Faith and Treason
I have been considering what the church has to say to soldiers who are placed in Afghanistan, required to engage in military actions which threaten the people they are supposed to liberate, and exposing the soldiers to threat and sudden death. In recent weeks there have been two reported (and probably more) attacks by Afghanis on Australian troops.
I was reminded of the 1915 Christmas when troops from both sides of the trenches climbed out of their pits and celebrated Christmas together. They were put in uniform and in the trenches by the ideology of nationalism. The ‘nation’ claimed their loyalty and their sacrifice. But for a brief few hours the power of nationalism was broken by the celebration of God Immanuel. The spirit of peace, binding enemies together, prevailed if but for a short time.
What might the church say to young men and women who are now ‘behind the wire’, and who step out in night patrols and raids of suspect houses? - When drones and other weapons are killing people who are simply at home in their beds?
The theme of ‘obedience to authorities’ has been our main Christian theme. Only when faced with Nazi and Communist regimes did another option present itself: the possibility of resisting ideology and authority in the name of Jesus Christ. On the other hand, those who believed they were fighting on the side of good (democracy/God) against tyrannical regimes (German/Japanese) were permitted to act for the nation in horrific ways: leading to firebombing of cities, Dresden and Tokyo, and finally the atomic bombing of the two Japanese cities.
What if the church decided, in the name of Jesus Christ, and in the mode of pacifism, that it is now time to withdraw support for the military adventures of the nation? What if the church counselled disobedience? [That is not unheard of: in the Vietnam War there were many draft resisters supported by church people.]
If we go to the traditions we find that in Reformed tradition there is permission for resistance to tyrants. It opens up the question of whether violence might be used in that resistance, and whether tyrannicide was permitted. I am drawing from this the permission to regard non-compliance as permissible.
In the Vision of John (Revelation 13) the State is a beast, and must be resisted, and disobeyed. That led to martyrdom, with the white cloaked saints gathering ‘around the throne’ of the ‘slaughtered Lamb’.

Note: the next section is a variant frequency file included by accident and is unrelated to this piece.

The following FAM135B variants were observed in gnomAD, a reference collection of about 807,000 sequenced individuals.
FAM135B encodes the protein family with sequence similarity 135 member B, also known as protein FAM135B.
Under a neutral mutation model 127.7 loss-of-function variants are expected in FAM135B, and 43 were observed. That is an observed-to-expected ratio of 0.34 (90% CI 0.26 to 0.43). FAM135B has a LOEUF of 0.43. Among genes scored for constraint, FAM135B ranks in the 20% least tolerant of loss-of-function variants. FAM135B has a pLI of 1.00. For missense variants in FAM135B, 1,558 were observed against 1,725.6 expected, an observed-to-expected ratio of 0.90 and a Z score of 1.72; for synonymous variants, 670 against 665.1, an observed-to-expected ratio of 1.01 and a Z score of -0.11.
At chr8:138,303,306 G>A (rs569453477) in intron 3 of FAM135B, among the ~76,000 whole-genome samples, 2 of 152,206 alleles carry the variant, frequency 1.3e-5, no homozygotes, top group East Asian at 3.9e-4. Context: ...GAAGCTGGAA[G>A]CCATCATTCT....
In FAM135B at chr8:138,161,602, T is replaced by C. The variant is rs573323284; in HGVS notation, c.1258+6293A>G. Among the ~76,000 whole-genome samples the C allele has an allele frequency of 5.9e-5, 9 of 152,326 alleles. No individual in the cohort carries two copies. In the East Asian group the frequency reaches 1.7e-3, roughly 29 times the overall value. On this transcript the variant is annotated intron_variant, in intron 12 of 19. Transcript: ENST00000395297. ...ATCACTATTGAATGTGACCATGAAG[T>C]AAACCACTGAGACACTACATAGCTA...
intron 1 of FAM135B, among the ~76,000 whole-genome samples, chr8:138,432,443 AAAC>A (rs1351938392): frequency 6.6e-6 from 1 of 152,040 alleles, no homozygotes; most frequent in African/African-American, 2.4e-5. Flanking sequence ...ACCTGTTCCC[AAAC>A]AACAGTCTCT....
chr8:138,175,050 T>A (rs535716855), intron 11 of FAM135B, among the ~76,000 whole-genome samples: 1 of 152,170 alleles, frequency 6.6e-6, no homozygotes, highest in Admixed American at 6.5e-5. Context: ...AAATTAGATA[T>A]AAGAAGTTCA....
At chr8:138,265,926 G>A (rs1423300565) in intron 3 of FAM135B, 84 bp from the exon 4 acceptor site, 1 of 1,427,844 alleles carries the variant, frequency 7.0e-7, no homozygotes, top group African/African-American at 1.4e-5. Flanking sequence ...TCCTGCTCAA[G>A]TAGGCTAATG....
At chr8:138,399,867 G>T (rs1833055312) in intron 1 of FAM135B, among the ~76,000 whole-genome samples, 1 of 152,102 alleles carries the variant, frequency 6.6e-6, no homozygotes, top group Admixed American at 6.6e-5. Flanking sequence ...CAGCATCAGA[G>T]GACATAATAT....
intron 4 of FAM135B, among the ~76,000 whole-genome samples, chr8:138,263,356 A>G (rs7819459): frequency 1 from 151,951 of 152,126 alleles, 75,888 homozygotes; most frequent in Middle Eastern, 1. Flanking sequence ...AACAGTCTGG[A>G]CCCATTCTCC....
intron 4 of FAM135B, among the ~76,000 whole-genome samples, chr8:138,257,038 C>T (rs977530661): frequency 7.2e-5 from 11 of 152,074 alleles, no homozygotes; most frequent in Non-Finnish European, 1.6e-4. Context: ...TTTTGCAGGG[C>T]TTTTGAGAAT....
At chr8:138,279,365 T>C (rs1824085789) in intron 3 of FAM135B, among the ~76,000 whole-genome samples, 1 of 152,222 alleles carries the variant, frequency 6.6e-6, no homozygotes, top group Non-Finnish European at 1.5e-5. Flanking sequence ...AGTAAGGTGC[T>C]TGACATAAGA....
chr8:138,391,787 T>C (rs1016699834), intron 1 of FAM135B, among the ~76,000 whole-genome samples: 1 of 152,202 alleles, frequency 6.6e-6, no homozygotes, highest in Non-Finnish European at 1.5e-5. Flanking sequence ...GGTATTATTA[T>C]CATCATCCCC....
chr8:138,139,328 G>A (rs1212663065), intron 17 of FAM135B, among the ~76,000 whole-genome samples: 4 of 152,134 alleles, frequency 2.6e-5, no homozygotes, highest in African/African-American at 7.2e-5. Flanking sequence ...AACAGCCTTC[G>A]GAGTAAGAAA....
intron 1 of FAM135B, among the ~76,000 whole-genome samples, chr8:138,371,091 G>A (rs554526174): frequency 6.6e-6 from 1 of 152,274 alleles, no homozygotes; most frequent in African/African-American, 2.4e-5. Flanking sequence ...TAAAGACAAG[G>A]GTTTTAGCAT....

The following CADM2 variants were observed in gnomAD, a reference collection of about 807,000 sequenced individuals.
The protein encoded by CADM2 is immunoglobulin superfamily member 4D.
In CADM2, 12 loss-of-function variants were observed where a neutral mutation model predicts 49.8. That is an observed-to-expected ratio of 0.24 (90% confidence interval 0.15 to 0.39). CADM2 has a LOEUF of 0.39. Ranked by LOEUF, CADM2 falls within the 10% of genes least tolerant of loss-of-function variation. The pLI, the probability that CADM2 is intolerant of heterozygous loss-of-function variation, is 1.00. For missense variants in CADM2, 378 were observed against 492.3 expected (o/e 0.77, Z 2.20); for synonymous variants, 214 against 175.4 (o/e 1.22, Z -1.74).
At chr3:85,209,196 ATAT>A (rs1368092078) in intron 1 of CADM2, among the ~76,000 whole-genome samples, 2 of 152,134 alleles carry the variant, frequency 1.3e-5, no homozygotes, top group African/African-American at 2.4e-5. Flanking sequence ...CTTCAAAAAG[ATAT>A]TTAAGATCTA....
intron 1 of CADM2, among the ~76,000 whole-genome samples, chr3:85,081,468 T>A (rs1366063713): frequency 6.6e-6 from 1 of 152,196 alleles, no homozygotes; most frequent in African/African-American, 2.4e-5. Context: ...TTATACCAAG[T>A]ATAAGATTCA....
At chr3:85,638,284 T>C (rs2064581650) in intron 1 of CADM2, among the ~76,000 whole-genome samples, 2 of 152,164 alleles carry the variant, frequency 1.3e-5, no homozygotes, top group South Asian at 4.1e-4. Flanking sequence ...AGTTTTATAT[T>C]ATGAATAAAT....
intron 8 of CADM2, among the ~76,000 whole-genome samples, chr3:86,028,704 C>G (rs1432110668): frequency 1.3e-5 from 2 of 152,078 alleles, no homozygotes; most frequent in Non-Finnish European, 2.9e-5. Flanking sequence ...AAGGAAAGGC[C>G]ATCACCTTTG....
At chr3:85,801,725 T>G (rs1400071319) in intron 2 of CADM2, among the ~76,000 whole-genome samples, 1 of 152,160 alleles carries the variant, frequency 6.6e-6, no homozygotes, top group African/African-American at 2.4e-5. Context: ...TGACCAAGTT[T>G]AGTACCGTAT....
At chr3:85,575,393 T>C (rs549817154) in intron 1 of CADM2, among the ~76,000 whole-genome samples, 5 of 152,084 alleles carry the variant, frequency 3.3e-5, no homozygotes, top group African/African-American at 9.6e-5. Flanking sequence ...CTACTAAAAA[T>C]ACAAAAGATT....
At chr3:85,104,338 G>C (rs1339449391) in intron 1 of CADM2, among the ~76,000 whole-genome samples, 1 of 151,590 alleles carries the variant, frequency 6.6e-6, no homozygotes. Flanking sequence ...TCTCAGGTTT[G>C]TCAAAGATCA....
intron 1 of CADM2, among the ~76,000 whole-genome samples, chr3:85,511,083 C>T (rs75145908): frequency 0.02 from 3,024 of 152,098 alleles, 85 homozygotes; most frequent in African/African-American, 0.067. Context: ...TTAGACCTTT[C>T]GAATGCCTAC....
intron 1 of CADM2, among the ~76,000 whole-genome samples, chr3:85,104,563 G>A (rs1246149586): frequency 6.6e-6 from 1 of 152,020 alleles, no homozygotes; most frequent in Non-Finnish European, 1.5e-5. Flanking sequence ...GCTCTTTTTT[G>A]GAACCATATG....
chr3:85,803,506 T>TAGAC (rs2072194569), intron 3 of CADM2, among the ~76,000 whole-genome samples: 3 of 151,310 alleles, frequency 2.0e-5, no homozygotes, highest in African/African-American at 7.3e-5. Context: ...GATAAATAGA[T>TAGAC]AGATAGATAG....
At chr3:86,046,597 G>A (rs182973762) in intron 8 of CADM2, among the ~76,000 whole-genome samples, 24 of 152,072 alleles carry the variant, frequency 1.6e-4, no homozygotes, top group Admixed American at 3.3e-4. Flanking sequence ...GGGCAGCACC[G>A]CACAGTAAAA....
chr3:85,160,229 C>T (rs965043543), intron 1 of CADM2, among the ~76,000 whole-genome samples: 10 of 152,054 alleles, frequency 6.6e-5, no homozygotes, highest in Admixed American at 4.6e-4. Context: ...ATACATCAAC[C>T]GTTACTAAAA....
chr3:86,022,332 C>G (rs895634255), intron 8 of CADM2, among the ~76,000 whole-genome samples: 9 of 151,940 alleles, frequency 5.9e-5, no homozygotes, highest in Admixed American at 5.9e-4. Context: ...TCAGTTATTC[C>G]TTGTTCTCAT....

Did Jesus practice disobedience? He left open the ‘give to Caesar’ but then in obedience to his Father chose the path of provocation to the worldly authorities, allowing his arrest and torture, and accepting his execution. In all this refusing to comply with the authorities, and provoking them to the limits of their power – which did not compel Jesus but in which he compelled – and exposed them – (Colossians 3).
His followers, by associating with him (executed, condemned, outcast, traitor) took on his status. Did they commit treason? I think they did.
Consider Jeremiah. In the midst of a siege on Jerusalem when it might be expected that all Jewish inhabitants would be at one, Jeremiah – in the name of the Lord God – took the way of giving up power to the enemy, accepting the ‘enemy’ rule. There is much more to be said but it comes to focus in Jeremiah: accepting the power of the enemy’s rule as a word of the LORD. The journalist who sided with communist regimes in the post world war 2 environment was vilified. The female singer who went to North Vietnam was vilified. I had my own experience of this: by refusing to conduct a funeral with the Australian flag on the coffin in the church, I was regarded as unpatriotic and denying a ‘Digger’ his right and honour.
Why is treason so hard to countenance? It is because we have learnt that the nation is our home, and has a supreme power to border us in, and to keep he intruder out. (Consider the resistance to Asylum Seekers). But the church’s ‘home’ is not bounded by national borders. A Christian’s allegiance is not given to one tribe or nation: rather attachment to Jesus though baptism allies a person with all tribes and peoples and nations: we are one family under the one Lord and God.
It is thus a Christian duty to resist the boundary-making which divides language from language and occupation or gender or class from each other (consider Galatians 3: 28) As in the first and second century advice may be given which encourages the church member to live peaceably, to respect the civic authorities as they provide a supportive and liveable environment to its citizens, and as it welcomes the presence of others. When the State (authorities) begin to compel compliance of their rule, as one of exclusion or oppression of a particular group or minority – aggressively or benignly – it will be required of the Christian to stand against that claim. At the extreme, when the authorities have reached a point whether their activity begins to destroy the social fabric, then the Christian will deny them any credibility and will then ‘betray them to Christ’. That is, their allegiance to Jesus Christ, and his announced reign of God, will require the church with its members collectively to resist and to deny the claim of that regime.
In political terms, then, the person has become a revolutionary – a traitor. Is it time for the church to engage in serious discussion with its people who are involved in military activity concerning the claim of Jesus Christ on them, particularly when they are required to kill the enemy – in contrast to the word of Jesus to ‘love the enemy’?
Wes Campbell 11th November 2011